March 11, 2019
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Craig Clunas
Princeton: Princeton University Press, 2017. 320 pp.; 200 color ills.; 50 b/w ills. Hardcover $60.00 (9780691171937)
Craig Clunas opens the introduction to Chinese Painting and Its Audiences with a monumental understatement: it is a book that some might feel has “a narrow focus, but it has somewhat wider aims” (1). The published form of the 2012 A. W. Mellon Lectures in the Fine Arts, Chinese Painting and Its Audiences is neatly structured into six chapters. It starts with an introductory “Beginning and Ending” that confronts the reader with the prospect that Chinese painting, as an... Full Review
March 8, 2019
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Mey-Yen Moriuchi
University Park: Penn State University Press, 2018. 180 pp.; 31 color ills.; 29 b/w ills. Cloth $99.95 (9780271079073)
Of the principal areas of study constituting Latin American art history, i.e., ancient, colonial, modern, and contemporary, the nineteenth century remains under examined. Situated precariously between the Spanish viceregal period and modern nationhood, this turbulent yet pivotal stage in Mexico’s history has lagged in terms of scholarly attention, particularly in art history. Art historians in Mexico, such as Jean Charlot, Justino Fernández, Fausto Ramírez Rojas, Esther Acevedo, and... Full Review
March 7, 2019
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Nancy E. Green and Christopher Reed, eds.
Exh. cat. Ithaca, NY: Herbert F. Johnson Museum of Art, Cornell University, 2016. 296 pp.; 246 color ills.; 30 b/w ills. Cloth $ 35.00 (9781934260258)
Herbert E. Johnson Museum of Art, Cornell University, Ithaca, NY, August 27–December 18, 2016; Crocker Art Museum, Sacramento, CA, February 12–May 21, 2017
In recent decades, specialists of both American and Japanese arts have turned their attention to the history of these two countries’ artistic interactions from the nineteenth century through the present. Scholars of Japan have also explored twentieth-century avant-garde Japanese arts. Concurrently, art history has increasingly expanded to embrace a field more aptly termed “visual culture studies,” which incorporates the analysis of mass-market commercial products. These efforts have... Full Review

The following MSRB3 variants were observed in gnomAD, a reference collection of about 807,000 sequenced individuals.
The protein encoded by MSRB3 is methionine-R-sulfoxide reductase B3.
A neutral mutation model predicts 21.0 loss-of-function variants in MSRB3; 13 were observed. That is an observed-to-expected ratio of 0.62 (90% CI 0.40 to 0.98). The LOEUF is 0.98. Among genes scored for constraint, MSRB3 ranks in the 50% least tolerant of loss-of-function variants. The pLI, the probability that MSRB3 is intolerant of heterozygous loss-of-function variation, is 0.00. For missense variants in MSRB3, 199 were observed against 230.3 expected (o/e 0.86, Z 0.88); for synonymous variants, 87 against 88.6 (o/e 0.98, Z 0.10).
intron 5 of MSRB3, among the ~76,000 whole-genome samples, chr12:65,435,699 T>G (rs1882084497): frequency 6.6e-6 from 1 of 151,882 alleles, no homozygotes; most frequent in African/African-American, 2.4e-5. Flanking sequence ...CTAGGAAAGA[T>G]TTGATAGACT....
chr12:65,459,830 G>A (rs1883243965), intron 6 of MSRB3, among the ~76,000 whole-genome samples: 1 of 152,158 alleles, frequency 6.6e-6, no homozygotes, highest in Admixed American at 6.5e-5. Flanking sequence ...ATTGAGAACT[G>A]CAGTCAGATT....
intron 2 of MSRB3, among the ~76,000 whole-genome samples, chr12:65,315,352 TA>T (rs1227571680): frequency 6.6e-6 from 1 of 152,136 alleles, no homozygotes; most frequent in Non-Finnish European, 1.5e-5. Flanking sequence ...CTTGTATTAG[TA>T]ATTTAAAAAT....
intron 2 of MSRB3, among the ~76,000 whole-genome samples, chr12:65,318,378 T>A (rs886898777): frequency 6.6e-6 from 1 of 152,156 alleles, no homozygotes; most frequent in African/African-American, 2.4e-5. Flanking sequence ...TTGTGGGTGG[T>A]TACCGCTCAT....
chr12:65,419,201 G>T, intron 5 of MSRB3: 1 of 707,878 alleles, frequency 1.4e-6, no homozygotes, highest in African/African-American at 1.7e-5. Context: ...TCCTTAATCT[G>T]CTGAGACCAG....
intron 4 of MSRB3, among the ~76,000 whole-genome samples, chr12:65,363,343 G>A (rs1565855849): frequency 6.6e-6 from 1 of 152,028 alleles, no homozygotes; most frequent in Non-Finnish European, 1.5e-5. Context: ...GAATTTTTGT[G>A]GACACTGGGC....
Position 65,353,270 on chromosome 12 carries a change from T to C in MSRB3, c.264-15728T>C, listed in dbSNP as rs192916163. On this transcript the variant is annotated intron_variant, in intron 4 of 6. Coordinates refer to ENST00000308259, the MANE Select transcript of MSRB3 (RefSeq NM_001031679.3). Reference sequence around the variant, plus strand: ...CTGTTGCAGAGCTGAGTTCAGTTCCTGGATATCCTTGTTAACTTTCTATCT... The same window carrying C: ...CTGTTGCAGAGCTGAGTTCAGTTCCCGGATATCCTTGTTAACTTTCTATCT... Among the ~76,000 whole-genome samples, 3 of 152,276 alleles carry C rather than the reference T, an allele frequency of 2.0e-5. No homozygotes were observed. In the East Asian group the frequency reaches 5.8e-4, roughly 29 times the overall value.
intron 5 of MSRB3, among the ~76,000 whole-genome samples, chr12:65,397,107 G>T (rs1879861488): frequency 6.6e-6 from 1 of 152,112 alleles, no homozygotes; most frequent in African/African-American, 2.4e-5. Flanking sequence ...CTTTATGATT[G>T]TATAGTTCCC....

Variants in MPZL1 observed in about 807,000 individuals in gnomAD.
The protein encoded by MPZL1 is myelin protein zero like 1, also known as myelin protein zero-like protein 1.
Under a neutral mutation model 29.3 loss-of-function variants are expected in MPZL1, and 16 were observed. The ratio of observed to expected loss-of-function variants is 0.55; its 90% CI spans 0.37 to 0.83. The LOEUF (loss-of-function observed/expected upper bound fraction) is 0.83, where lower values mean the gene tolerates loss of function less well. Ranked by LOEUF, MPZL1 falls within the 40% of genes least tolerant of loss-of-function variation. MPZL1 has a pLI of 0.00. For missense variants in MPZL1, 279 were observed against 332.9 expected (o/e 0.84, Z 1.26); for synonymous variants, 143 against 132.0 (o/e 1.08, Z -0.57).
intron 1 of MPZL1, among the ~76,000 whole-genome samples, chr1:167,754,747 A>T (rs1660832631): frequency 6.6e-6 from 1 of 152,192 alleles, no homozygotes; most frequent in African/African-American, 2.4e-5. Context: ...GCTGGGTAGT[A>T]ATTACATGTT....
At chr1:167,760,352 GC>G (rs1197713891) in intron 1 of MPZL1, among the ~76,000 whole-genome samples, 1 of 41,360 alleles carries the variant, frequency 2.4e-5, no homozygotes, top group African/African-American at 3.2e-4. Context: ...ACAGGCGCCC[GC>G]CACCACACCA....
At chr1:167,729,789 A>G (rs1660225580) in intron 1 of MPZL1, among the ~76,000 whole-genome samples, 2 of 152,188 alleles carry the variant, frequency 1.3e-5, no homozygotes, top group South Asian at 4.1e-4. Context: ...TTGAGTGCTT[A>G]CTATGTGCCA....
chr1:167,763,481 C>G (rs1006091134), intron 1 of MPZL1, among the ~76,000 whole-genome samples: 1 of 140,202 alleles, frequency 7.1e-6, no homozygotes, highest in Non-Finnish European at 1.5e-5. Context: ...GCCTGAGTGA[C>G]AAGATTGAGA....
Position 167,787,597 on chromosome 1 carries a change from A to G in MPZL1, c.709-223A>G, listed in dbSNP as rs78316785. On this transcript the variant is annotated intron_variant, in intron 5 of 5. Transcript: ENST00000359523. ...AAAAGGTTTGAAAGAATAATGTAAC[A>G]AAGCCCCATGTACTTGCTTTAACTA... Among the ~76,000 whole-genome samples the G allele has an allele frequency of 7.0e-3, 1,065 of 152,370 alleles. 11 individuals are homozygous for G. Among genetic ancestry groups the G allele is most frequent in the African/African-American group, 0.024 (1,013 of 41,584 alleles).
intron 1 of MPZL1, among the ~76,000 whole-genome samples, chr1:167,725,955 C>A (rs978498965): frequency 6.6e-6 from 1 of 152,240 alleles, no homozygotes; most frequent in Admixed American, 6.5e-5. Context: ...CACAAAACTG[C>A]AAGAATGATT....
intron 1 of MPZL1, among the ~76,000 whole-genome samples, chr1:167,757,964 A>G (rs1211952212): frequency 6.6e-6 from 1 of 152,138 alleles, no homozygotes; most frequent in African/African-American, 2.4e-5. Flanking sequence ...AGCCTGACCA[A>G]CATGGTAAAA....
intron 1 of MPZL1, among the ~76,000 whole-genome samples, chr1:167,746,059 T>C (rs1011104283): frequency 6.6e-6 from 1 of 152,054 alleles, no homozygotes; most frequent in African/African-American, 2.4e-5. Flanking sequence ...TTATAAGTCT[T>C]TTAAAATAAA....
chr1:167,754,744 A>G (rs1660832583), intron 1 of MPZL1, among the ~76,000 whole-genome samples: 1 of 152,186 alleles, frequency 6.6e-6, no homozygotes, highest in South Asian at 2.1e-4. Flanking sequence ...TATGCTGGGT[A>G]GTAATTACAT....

March 6, 2019
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Metropolitan Museum of Art, New York, NY, March 13–August 13, 2017
In 1839, shortly after publishing “Some Account of the Art of Photogenic Drawing, or the Process by Which Natural Objects May Be Made to Delineate Themselves without the Aid of the Artist’s Pencil,” William Henry Fox Talbot sent a letter along with thirty-six examples of photogenic drawings to Antonio Bertoloni, a botanist in Bologna, Italy. Talbot undoubtedly desired to alert colleagues to his invention in the wake of Louis-Jacques-Mandé Daguerre’s announcement of his own... Full Review
March 4, 2019
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Katie Hornstein
New Haven, CT: Yale University Press, 2018. 208 pp.; 100 color ills.; 46 b/w ills. Cloth $70.00 (9780300228267)
Representations of war and soldierly actions have assuredly fascinated entire generations, especially during fragile political contexts such as revolutions and governmental changes. Rarely, however, has military imagery been dealt with from a critical art historical perspective. Military imagery has typically been understood in terms of its official ideological role and its capacity as a tool for the state to guide public opinion. Katie Hornstein has managed to invert this... Full Review
March 1, 2019